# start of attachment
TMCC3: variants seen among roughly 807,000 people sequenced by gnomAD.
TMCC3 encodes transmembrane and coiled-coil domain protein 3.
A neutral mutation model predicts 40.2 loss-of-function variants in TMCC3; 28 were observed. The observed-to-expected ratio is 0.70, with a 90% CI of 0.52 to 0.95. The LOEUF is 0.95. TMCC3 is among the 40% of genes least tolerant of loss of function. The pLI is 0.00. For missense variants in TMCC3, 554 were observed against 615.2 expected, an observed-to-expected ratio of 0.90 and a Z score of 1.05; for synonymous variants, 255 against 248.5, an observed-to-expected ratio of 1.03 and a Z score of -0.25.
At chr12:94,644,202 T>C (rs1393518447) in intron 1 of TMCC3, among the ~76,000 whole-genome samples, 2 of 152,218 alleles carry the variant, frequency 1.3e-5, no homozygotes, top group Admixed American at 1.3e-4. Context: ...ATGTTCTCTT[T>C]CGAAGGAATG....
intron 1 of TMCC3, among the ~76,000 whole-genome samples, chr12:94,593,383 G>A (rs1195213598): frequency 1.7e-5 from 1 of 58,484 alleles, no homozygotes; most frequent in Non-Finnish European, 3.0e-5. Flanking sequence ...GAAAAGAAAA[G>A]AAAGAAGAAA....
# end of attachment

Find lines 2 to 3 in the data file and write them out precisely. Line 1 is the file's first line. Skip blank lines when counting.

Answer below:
TMCC3 encodes transmembrane and coiled-coil domain protein 3.
A neutral mutation model predicts 40.2 loss-of-function variants in TMCC3; 28 were observed. The observed-to-expected ratio is 0.70, with a 90% CI of 0.52 to 0.95. The LOEUF is 0.95. TMCC3 is among the 40% of genes least tolerant of loss of function. The pLI is 0.00. For missense variants in TMCC3, 554 were observed against 615.2 expected, an observed-to-expected ratio of 0.90 and a Z score of 1.05; for synonymous variants, 255 against 248.5, an observed-to-expected ratio of 1.03 and a Z score of -0.25.